Building artists’ careers

While record companies are always looking to discover and break new talent, they also want to develop long-term relationships with the artists they sign. Part of the role of an artists and repertoire (A&R) team is to help its successful artists develop their career in music.

A label can work with a developing artist to help them realise their vision of how they want their music to sound. Julie Greenwald, chairman and COO of Atlantic Records Group, home of artists including Alt-J, Bruno Mars and David Guetta says: "We listen to their demo, we talk to them about what they were hearing in their head when they wrote the song; we sit them with songwriters who can help them fine tune their lyrics and producers who can create the sound they were originally imagining."

Record labels can help developing artists by opening the door for them to work with the best talent in the music business. Daniel Glass of Glassnote Records emphasises the importance of collaboration: "We can help artists create their records, making available writers, mixers, mastering experts, producers. It's about a network of contacts." He cites the examples of the band Little Green Cars, 19 year olds from Dublin, whose music he introduced to Markus Dravs, the Mumford & Sons producer, who loved it and subsequently worked with them.

Record labels work with developing artists and help them put together a body of work. This may involve developing tracks the artist has written, commissioning new music from songwriters offered by music publishers, or creating a cover version in which the artist brings their qualities to a track that has been previously recorded. Ashley Newton, president of Columbia Records US, says: "A&R in its purest form is identifying unique talent and encouraging them to dig deep and create remarkable artistry. Some artists are truly self-supporting in this respect while others require a level of expertise, resource and evangelical enthusiasm in order to realise their full potential."

Case studies

Building a catalogue, going global

Many record labels are also conscious that they want to further develop a historic catalogue that has been built up over many years.

"Every morning when our elevator door opens I am confronted by our photographic Hall Of Fame which includes Miles Davis, Johnny Cash, Bob Dylan, Leonard Cohen, Barbra Streisand, Bruce Springsteen and David Bowie and it reminds me of the ridiculously high standard the label has set in our 120 year history. It's both a daunting and inspirational way to start the day."

Ashley Newton, president, Columbia Records US

Helping artists break into new markets is a major way in which a label can add value to artists' careers. Frank Briegmann of Universal Music Group Central Europe and Deutsche Grammophon, points to the success of Swedish artist, Avicii, whose single Wake Me Up went Platinum in 24 countries, while he also enjoyed five million album sales, one billion streams and one billion views on YouTube. "The potential for international success is bigger than it used to be, the barriers are coming down. When you put a song on a digital platform you expose it to the world."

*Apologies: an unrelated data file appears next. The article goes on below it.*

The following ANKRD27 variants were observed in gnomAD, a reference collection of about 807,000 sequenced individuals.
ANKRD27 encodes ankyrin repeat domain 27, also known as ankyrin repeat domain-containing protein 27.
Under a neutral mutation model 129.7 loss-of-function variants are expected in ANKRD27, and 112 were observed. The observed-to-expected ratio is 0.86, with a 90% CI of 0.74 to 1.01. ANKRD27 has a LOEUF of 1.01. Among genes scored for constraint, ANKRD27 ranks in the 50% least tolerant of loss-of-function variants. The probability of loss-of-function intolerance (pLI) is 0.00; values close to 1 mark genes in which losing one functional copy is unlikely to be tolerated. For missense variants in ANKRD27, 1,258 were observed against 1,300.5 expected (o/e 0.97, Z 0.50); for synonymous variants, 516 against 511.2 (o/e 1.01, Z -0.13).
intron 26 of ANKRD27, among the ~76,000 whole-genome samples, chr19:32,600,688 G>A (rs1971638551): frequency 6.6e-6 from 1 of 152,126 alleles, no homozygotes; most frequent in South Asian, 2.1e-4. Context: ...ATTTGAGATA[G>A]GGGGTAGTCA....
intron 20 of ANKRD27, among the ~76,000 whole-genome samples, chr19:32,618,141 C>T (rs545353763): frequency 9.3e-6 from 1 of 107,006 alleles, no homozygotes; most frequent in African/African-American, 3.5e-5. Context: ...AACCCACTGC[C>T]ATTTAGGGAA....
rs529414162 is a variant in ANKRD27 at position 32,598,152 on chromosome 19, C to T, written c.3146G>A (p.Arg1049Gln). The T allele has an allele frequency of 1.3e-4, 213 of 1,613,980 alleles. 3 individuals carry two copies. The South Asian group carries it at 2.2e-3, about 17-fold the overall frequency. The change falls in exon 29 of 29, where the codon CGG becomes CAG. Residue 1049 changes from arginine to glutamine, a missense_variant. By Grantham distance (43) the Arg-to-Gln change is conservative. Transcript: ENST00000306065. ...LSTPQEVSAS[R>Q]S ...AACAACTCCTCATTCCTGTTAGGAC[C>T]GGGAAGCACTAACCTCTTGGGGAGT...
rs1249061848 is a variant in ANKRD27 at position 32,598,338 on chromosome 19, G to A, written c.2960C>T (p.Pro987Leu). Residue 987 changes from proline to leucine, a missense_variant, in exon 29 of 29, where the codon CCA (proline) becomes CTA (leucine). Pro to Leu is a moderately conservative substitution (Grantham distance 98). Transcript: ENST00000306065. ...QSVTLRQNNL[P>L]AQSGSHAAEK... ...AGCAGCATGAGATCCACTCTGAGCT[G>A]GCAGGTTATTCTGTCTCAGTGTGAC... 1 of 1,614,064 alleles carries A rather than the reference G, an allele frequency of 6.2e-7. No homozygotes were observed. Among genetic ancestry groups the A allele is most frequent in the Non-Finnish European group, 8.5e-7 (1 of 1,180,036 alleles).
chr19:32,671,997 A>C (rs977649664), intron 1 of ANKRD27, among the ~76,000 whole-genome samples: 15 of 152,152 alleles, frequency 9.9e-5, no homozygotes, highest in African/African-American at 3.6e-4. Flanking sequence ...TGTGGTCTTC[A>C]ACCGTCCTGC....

A changing media mix

The marketing and promotion of artists is one of the largest items in a record company's budget. In a competitive market, it is essential for an artist to enjoy promotional support if they are to have an opportunity to connect with a wide audience.

The media mix used to promote artists has changed dramatically in the last few years. Social media channels now complement, but have not replaced, traditional gatekeeper media such as radio and television.

"The mere existence of streaming services will not create hits or break artists. You still need an army of people to amplify the artist's message, helping them cut through the 30 million tracks out there to draw attention to their great album. In fact, given many streaming services are global platforms, they make the thoughtful, creative and global campaigns organised by record companies even more important."

Stu Bergen, president, international, Warner Recorded Music

The growth of online media has meant that record companies have to spend increasing resources to supply the content that these channels need. It has also meant that record labels have more options when it comes to promoting new music.

Using brand and synchronisation deals

Brand partnerships have been an area of growth in the recording industry over the last few years. Record companies have expanded the teams responsible for this area, often hiring in people with backgrounds in creative, media and sports agencies to bring in the expertise they need. They work to deliver the right partnerships for artists who are seeking to generate the widest possible variety of revenue streams.

"Record companies understand artist positioning. It's in our DNA. So we are well placed to ensure that any brand proposition and artists' objective are aligned."

Alison Boucher, vice president, brand partnerships, Sony Music Entertainment

Synchronisation deals are now a mainstream part of the recording industry's revenue mix. These commercial arrangements see music used in films and television programmes, as well as advertisements. Revenue to record companies from such deals was worth US$322 million in 2013, and they can be used to help break an artist in a particular market.

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